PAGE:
You may not have heard of Observe. It's a relatively new company, launched in October 2020. Observe has been out selling, gaining customers, and growing market share. Though it’s been less than a year, Observe's customer base already includes more than 20 tech/SaaS companies, including Topgolf.
Who’s driving the bus? Observe boasts more than a few tech industry luminaries (both at the helm and backing them), including industry veterans Jeremy Burton (CEO, Dell), Keith Butler (CRO, Perfecto), John McMahon (Board Member, Snowflake and MongoDB), and Mike Speiser (Managing Director, Sutter Hill Ventures). In addition, Michael Dell (CEO, Dell), Frank Slootman (CEO, Snowflake), and Scott Dietzen, (Vice Chair, Pure Storage) were early investors.
So, what is Observe? It’s a SaaS-based observability product that enables site reliability engineers (SREs), DevOps, and Engineering teams to thoroughly examine modern distributed applications with context.
Observe is taking a fresh approach to observability—a unified and pragmatic approach. The most common approaches to observability rely on a number of siloed tools and databases and are based on the three pillars: Metrics, Logs, and Traces (MLT). These solutions typically collect a vast amount of disconnected data that can then be queried to better understand what is happening in an organization's environment.
Observe offers organizations a more pragmatic approach to observability with the ability to ingest any type of data—and use that data to provide context. Observe groups all event data into a unified data store (powered by Snowflake) and then curates and relates it to things or resources valuable and easily understood by users (i.e., customers, pods, shopping carts, or containers).
Users are no longer looking at massive numbers of obscure metrics, unending logs, or unrelated events. Instead, they’re able to look at things that are relevant such as customer metrics related to response times and error rates or Kubernetes metrics related to Pods such as memory or usage. Observe offers metrics that are important and relevant.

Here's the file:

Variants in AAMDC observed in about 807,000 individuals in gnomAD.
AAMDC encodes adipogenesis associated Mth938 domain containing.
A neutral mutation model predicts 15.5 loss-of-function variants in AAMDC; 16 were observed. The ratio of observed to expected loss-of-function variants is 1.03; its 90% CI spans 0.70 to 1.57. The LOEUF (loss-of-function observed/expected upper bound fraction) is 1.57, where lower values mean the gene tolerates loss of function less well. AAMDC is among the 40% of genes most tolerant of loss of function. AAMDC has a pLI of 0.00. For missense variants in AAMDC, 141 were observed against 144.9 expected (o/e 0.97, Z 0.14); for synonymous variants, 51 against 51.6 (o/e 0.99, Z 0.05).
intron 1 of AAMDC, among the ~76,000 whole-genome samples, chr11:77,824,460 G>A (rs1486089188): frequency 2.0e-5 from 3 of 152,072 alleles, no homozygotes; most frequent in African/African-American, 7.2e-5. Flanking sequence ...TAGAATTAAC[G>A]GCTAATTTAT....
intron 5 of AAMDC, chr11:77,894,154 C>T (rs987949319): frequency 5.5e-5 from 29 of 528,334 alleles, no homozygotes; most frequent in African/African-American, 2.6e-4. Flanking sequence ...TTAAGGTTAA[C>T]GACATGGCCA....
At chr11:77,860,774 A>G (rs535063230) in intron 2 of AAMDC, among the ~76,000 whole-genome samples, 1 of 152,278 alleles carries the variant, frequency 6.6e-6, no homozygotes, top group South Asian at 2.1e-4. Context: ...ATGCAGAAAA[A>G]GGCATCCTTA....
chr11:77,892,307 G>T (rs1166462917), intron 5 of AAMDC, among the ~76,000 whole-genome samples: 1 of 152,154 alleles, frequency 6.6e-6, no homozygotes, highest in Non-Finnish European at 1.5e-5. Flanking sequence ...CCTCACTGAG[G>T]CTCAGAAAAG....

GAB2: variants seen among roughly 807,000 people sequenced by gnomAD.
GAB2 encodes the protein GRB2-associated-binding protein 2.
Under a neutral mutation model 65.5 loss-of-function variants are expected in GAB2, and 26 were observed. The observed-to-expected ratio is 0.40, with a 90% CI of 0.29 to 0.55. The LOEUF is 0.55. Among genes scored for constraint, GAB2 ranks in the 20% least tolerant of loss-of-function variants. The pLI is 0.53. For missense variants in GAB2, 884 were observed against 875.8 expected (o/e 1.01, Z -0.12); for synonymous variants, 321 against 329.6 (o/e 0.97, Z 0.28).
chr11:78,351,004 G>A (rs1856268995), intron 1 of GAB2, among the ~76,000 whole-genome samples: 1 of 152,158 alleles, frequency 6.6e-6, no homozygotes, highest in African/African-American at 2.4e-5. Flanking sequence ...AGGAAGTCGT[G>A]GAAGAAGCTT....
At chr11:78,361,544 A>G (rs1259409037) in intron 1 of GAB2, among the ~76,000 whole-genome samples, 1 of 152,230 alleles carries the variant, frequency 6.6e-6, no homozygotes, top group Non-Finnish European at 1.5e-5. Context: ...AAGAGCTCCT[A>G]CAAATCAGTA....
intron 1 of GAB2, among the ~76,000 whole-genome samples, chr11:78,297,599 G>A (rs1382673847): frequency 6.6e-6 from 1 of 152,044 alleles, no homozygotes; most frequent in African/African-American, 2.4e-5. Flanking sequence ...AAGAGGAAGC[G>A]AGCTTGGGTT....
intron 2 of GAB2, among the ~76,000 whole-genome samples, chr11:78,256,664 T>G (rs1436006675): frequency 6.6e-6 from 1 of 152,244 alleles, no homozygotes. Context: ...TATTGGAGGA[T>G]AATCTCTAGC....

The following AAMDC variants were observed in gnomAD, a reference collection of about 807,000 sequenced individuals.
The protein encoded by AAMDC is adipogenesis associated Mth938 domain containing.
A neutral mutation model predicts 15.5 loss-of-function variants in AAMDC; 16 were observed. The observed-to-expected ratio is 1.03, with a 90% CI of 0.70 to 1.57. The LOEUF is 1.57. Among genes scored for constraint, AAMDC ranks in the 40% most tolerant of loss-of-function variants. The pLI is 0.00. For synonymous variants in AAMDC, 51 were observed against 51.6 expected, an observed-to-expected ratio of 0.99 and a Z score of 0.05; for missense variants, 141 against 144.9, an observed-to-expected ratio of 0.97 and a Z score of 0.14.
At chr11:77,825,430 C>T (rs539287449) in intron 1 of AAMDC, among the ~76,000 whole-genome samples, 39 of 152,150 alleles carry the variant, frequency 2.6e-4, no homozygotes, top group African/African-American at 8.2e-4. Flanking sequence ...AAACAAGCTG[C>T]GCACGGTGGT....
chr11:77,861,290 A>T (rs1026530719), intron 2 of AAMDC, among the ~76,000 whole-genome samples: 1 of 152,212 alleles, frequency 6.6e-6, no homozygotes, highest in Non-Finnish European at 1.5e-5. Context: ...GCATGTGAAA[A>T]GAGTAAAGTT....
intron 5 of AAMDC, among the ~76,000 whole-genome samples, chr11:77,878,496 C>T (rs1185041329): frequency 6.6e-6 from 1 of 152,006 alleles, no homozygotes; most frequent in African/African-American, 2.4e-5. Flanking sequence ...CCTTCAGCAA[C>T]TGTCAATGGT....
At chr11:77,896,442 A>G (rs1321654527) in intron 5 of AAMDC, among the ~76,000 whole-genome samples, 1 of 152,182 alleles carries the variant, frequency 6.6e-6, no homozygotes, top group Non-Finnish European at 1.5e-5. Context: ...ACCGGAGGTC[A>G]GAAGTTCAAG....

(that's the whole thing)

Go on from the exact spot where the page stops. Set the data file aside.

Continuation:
What about alerts? Experience shows that setting alerts based on specific metrics at certain thresholds can generate alarm storms, wasting a great deal of time and resources. Observe allows users to create alerts based on relevant factors at each organization such as customers, pods, shopping carts, or containers.
A Simple, Consumption-based Model
Observe is leveraging modern application architectures and databases like Snowflake and is hosted in the cloud—and they’re using a simple, consumption-based credit model based on two elements: data querying and data storage.
According to Observe, their storage costs reflect current Amazon S3 pricing, plus minor charges for processing data on ingest. Querying data consumes “Observe Credits,” so when customers use Observe and perform queries, they pay. When customers aren’t using Observe, they don't pay. It’s that simple.
It boils down to this—Observe’s pragmatic approach to data-centric observability allows organizations to use data with relevant context, enabling them to achieve faster troubleshooting, quicker time to resolution, improved customer satisfaction, reduced costs, and the ability to more easily meet compliance. In other words, it just makes sense.